Twentieth-Century Ireland: Revolution and State Building (New Gill History of Ireland)


‘Twentieth-Century Ireland’ focuses on the consolidation of the new Irish state. Professor Dermot Keogh highlights the long tragedy of emigration, its effect on the Irish psyche and on the under-performance of the Irish economy. He emphasises the lost opportunities for reform of the 1960s and early 70s. Membership of the EU had a diminished impact due to short-term and sectionally motivated political thinking and an antiquated government structure. The despair of the 1950s revisited the country in the 1980s as almost an entire generation felt compelled to emigrate, very often as undocumented workers in the United States. Dermot Keogh also argues that the violence in Northern Ireland from the late 1960s was an Anglo-Irish failure which was turned around only when Britain acknowledged the role of the Irish government in its resolution. He extends his analysis to include a wide-ranging survey of the most contentious events—financial corruption, child sexual abuse, scandals in the Catholic Church—between 1994 and 2005.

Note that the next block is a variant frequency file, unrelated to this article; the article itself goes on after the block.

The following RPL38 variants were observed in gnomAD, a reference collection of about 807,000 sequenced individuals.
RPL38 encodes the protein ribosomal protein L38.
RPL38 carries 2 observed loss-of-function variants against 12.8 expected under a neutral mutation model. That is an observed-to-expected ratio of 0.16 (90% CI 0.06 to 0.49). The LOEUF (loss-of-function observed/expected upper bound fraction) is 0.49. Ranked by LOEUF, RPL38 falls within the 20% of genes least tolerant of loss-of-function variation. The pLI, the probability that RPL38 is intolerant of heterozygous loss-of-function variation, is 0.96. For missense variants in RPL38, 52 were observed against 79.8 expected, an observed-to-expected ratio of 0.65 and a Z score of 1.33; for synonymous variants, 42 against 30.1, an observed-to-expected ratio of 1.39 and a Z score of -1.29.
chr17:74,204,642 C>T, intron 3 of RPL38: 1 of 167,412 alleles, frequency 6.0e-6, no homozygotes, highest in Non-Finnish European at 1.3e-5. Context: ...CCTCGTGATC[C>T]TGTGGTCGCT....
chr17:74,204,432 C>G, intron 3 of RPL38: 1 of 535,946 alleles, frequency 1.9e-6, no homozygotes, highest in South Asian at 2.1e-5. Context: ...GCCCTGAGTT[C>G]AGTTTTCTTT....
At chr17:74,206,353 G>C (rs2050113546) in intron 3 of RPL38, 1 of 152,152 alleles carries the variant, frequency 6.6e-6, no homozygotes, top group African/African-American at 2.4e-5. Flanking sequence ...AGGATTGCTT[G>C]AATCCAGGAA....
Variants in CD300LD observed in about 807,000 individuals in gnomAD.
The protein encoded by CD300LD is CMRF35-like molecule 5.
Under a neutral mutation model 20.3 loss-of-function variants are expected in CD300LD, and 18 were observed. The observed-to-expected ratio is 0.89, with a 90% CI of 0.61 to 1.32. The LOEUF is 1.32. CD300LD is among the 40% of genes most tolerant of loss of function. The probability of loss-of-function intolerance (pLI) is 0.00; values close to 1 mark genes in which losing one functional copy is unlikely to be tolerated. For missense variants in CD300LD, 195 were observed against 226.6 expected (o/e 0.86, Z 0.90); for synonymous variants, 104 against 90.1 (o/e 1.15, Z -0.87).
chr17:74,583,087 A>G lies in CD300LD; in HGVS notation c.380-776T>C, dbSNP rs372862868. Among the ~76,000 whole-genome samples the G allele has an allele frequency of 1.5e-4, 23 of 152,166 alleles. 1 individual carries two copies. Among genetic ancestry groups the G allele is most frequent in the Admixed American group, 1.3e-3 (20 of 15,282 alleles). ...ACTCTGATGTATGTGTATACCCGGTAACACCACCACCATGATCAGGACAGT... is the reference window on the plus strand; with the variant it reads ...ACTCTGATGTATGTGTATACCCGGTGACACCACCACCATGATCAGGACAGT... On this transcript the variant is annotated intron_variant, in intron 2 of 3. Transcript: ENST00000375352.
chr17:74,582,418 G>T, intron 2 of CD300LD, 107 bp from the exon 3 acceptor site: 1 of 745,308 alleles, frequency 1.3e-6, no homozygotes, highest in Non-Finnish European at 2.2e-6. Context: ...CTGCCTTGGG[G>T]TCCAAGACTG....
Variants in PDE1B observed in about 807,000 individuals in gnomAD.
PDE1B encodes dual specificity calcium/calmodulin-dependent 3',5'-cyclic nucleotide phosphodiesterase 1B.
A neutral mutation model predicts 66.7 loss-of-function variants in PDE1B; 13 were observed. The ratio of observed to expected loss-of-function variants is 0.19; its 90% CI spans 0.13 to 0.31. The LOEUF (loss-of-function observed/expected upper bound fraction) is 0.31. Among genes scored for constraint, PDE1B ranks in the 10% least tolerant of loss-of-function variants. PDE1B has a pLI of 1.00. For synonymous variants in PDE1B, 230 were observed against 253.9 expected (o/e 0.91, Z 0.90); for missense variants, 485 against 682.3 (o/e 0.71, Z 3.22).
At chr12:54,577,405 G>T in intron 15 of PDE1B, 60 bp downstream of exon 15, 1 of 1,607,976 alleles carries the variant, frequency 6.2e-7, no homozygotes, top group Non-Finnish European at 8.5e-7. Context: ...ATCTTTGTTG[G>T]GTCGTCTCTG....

Title: Twentieth-Century Ireland: Revolution and State Building: 6 (New Gill History of Ireland)
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